Maize is a staple food for 900 million poor consumers globally, who often rely on small-scale farmers for the food they find in the market. For these farmers, improved seeds that can thrive in the challenging environments they live are a gateway to higher yields and a better life. With traits offering greater resilience to drought, disease and other stresses, improved varieties allow farming families to invest more in their livelihoods and children’s futures.
One example is Leskari Ngoidma, a farmer from northern Tanzania, who in 2015 planted the drought tolerant maize variety HB513 known locally as ngamia, the Kiswahili word for camel. “I got 15 bags of maize from my one-acre farm. In a year when the rains are really bad like they were in 2015, I usually only manage to harvest at the most five bags. This is good seed!”
Through the platform provided by the CGIAR Research Program MAIZE, CIMMYT and the International Institute of Tropical Agriculture works with over 300 governmental, non-governmental and private sector partners – especially from local seed sectors – to give small-scale farmers access to the best agricultural technologies. In 2015, these partnerships led to at least 64 new maize varieties being approved for release in 15 countries.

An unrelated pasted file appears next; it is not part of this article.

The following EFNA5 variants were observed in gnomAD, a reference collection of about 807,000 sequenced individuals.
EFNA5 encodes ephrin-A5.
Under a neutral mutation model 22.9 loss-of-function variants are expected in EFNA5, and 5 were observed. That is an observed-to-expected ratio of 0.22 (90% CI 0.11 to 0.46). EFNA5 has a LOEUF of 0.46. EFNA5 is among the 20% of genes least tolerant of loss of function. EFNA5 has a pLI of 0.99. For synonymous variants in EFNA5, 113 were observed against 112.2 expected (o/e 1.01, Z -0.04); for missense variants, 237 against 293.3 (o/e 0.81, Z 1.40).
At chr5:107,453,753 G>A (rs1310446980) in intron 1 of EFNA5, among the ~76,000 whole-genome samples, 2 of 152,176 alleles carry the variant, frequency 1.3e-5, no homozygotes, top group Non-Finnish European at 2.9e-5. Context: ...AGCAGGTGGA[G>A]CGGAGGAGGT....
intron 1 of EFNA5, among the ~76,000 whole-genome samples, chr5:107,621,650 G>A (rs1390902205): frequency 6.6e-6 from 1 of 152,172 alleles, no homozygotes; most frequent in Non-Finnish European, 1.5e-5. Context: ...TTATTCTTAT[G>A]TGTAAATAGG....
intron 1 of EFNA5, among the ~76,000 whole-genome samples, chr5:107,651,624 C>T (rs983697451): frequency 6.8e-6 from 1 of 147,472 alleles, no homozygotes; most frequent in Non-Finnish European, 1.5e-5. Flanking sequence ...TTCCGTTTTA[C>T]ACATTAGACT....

Peter Mutisya, sales and marketing director at MultiAgro Trading Main Suppliers (MAMS), described the popularity of an improved maize variety first released in 2013 in Tanzania. Yielding 8.5 to 10 tons per hectare under optimal conditions, successful on-farm demonstrations mean that in 2016 the company will produce 50 tons of MAMSH093 seed in Tanzania for the October short rains, with plans to spread to Kenya and Uganda. “Women farmers particularly love this maize variety because of its sweet taste and the quality protein it offers,” said Mutisya.
In addition to higher and more stable yields, most of the varieties combine several special traits into one seed. Three varieties in South Africa combine drought and heat tolerance, perform well in soils with low phosphorous and low nitrogen and are resistant to the diseases gray leaf spot, maize streak virus, and turcurium leaf blight.
In western Africa, 15 maize varieties released in 2015 will help farmers resist the deadly witchweed disease, or Striga. In Latin America, four new maize varieties were released with resistance to the tar spot complex disease that has emerged as an epidemic in recent years. In sub-Saharan Africa, 10 new maize varieties with quality protein content were released in 2015.
Learn more about how improved seeds are helping maize farmers throughout Africa and globally here.